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Following their annual custom, the Boy Scouts have erected Christmas trees around the courthouse square, and we also notice a very tall stately tree which will be erected in the courthouse yard.  Those around the Square are being decorated in gay Christmas style, and our town will soon be ready for Santa Claus.

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From Austin:  Mrs. Alice Hale of Tracy, who has not spent the night away from home for years, decided to visit friends for a few days, but one long and lonesome night satisfied her and she returned home, determining not to be gone from home so long again soon.

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Mr. Bruce Aspley and sons, Joe Billy and Jigger, were in Russellville Sunday to inspect the new picture show in that place. ----- Mr. Robert Vaughan Jr of Duke University, Durham, North Carolina, is here to spend the holidays with his parents, Mr. and  Mrs. R. H. Vaughan.

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DECEMBER 24, 1931

 

In a difficulty in Fountain Run last Friday, Esq. Jolly Fraim was badly wounded by Earl Lane, a young man of about 21 years of age.  It seems that Esq. Fraim had, at some time earlier, issued a warrant against the Lane boy for some offense, causing him to have been jailed.  Last Friday Lane took his spite out by shooting the magistrate, the bullet striking him just below the heart and lodging against the skin of his back, causing a very dangerous, if not fatal, wound.  Of course, young Lane is in jail again, awaiting the result of his rashness.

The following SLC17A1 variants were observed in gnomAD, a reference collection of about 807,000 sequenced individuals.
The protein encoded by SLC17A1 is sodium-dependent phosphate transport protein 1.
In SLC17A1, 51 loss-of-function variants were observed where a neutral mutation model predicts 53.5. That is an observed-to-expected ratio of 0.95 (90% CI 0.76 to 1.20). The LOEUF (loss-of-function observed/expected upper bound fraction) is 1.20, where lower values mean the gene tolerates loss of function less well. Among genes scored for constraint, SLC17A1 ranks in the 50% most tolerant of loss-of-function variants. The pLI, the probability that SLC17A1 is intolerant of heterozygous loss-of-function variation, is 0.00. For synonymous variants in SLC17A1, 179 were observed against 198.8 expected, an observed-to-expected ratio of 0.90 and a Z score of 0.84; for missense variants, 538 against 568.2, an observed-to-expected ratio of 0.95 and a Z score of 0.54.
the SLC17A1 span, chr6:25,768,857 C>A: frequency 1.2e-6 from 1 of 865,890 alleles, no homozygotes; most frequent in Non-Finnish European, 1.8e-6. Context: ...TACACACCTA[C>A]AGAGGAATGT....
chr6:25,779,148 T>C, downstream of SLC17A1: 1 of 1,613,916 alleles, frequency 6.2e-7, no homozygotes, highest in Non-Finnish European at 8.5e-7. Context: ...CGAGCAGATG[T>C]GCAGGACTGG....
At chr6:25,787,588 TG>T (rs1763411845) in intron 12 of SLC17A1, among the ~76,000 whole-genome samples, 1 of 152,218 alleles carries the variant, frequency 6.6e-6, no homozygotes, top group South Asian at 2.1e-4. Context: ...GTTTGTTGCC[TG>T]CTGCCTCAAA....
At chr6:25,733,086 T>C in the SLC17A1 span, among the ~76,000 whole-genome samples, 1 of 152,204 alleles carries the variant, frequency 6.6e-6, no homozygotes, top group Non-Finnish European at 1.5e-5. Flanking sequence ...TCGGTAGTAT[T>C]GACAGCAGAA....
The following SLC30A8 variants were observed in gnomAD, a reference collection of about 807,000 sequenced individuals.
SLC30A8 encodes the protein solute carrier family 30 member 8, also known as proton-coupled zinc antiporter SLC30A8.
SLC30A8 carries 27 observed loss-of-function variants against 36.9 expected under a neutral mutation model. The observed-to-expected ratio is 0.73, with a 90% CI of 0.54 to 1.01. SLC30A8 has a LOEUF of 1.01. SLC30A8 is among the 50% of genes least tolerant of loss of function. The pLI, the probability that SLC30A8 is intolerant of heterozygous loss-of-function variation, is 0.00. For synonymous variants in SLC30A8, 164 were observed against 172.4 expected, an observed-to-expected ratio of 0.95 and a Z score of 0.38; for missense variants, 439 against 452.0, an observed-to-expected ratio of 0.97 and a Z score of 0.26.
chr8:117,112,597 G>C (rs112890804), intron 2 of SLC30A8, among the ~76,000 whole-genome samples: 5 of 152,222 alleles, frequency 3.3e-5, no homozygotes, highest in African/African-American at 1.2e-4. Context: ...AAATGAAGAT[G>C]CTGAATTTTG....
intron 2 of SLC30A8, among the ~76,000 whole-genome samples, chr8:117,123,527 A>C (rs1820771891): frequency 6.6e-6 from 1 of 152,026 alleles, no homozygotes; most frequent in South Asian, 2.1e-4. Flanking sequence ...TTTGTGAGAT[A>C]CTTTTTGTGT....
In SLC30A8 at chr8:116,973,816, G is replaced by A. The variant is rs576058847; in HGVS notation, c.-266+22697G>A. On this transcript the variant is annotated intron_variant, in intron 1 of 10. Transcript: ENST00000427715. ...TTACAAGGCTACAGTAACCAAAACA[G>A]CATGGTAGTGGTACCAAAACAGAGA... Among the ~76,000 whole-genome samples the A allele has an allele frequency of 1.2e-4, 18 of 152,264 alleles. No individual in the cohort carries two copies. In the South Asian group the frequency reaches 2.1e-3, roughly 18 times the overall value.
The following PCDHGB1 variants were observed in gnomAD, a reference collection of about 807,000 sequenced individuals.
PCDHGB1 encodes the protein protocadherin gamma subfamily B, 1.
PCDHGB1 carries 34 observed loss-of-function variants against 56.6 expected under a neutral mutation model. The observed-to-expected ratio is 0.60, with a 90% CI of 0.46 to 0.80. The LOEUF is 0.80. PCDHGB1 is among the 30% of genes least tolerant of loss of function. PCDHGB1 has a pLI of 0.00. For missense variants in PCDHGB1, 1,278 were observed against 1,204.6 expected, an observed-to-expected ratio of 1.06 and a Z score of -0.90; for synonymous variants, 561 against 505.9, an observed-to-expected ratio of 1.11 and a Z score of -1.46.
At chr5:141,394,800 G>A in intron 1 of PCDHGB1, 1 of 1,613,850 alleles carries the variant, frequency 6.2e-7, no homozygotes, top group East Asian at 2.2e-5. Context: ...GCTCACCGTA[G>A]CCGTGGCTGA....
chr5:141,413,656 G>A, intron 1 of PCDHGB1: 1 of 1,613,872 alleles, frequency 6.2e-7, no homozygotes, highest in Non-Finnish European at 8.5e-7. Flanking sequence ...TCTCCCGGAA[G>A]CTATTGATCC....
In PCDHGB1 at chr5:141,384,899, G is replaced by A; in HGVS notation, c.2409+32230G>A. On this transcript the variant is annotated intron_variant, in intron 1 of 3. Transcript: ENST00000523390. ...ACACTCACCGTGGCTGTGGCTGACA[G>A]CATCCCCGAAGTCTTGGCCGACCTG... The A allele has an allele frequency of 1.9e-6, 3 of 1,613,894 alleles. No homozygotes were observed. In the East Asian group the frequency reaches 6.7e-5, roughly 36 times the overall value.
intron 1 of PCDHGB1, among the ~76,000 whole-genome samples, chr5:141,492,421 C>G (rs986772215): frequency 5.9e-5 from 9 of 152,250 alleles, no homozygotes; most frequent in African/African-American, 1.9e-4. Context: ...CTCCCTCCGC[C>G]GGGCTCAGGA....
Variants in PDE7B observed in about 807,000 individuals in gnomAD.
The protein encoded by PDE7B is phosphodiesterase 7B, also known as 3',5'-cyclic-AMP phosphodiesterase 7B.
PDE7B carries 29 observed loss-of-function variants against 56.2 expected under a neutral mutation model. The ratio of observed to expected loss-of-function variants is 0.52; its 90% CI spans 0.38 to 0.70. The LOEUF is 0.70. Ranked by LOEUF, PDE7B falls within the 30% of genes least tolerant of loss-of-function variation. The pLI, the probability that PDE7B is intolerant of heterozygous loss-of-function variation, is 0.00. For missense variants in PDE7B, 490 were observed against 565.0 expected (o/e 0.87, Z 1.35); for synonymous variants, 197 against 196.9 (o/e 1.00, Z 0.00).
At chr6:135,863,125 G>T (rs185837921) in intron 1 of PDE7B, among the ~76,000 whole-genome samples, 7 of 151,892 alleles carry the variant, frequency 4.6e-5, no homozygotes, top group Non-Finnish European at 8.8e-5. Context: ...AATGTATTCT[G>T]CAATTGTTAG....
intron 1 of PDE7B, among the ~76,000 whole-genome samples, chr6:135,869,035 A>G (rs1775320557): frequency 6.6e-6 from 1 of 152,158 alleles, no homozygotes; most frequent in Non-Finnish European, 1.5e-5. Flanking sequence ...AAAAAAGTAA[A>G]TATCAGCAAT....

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Plans are being made to use the 123rd Cavalry Armory for boxing bouts as well as various other athletic stunts in addition to its use as a drilling place for the Cavalry unit when the weather is not good outside.  Also, of course, it is the ideal place for practice by the 123rd Cavalry Band.  The armory is going to develop into a most useful meeting place for large gatherings of various kinds.

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Mr. Drury Jones, postmaster and merchant at Etoile, has sold his business to Mr. Jim Welborn Greer, who has taken charge of the business, and Mr. Jones has moved to Glasgow with his family.  He has not decided just what he will do, but we can testify that he is a splendid citizen.

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The Davidson Bros. wholesale house in Scottsville was broken into last Friday and relieved of 3000 cigarettes, 30 pounds of chewing tobacco, 20 boxes of cigars, and a lot of candy.  Looks like something more to eat would have been more suitable.

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Marriage Licenses.  Lebus Frankum of Glasgow and Lois Green, Glasgow  Junction;  J. D. Brown, Glasgow, and Annie Lee Oakes, Center;  George Emmert and Alice Lou Graves, Tompkinsville;  Orval Keyes and Luna Blankenship, Tompkinsville.